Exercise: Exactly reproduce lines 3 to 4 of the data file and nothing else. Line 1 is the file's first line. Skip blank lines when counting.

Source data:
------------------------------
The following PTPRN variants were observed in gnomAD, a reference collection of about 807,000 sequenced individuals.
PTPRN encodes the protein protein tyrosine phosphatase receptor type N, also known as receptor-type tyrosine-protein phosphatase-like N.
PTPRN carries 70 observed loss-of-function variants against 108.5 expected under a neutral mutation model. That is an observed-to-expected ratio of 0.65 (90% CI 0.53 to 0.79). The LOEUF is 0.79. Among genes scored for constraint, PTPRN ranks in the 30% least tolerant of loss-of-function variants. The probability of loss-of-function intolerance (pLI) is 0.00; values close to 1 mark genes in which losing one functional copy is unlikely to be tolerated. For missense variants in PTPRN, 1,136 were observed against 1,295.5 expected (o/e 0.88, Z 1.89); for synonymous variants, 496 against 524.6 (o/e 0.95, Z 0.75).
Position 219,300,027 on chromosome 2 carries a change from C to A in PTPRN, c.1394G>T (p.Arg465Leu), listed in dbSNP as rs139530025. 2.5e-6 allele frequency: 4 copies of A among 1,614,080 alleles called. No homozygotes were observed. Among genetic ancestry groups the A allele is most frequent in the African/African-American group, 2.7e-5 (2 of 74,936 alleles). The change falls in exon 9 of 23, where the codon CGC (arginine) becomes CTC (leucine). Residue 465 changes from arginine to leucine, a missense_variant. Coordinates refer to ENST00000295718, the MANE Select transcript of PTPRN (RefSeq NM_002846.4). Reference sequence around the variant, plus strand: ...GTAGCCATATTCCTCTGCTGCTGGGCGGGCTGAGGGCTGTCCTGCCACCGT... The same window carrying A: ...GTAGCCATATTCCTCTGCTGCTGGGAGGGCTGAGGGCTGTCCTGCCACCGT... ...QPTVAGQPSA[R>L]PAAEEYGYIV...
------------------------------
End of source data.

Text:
PTPRN carries 70 observed loss-of-function variants against 108.5 expected under a neutral mutation model. That is an observed-to-expected ratio of 0.65 (90% CI 0.53 to 0.79). The LOEUF is 0.79. Among genes scored for constraint, PTPRN ranks in the 30% least tolerant of loss-of-function variants. The probability of loss-of-function intolerance (pLI) is 0.00; values close to 1 mark genes in which losing one functional copy is unlikely to be tolerated. For missense variants in PTPRN, 1,136 were observed against 1,295.5 expected (o/e 0.88, Z 1.89); for synonymous variants, 496 against 524.6 (o/e 0.95, Z 0.75).
Position 219,300,027 on chromosome 2 carries a change from C to A in PTPRN, c.1394G>T (p.Arg465Leu), listed in dbSNP as rs139530025. 2.5e-6 allele frequency: 4 copies of A among 1,614,080 alleles called. No homozygotes were observed. Among genetic ancestry groups the A allele is most frequent in the African/African-American group, 2.7e-5 (2 of 74,936 alleles). The change falls in exon 9 of 23, where the codon CGC (arginine) becomes CTC (leucine). Residue 465 changes from arginine to leucine, a missense_variant. Coordinates refer to ENST00000295718, the MANE Select transcript of PTPRN (RefSeq NM_002846.4). Reference sequence around the variant, plus strand: ...GTAGCCATATTCCTCTGCTGCTGGGCGGGCTGAGGGCTGTCCTGCCACCGT... The same window carrying A: ...GTAGCCATATTCCTCTGCTGCTGGGAGGGCTGAGGGCTGTCCTGCCACCGT... ...QPTVAGQPSA[R>L]PAAEEYGYIV...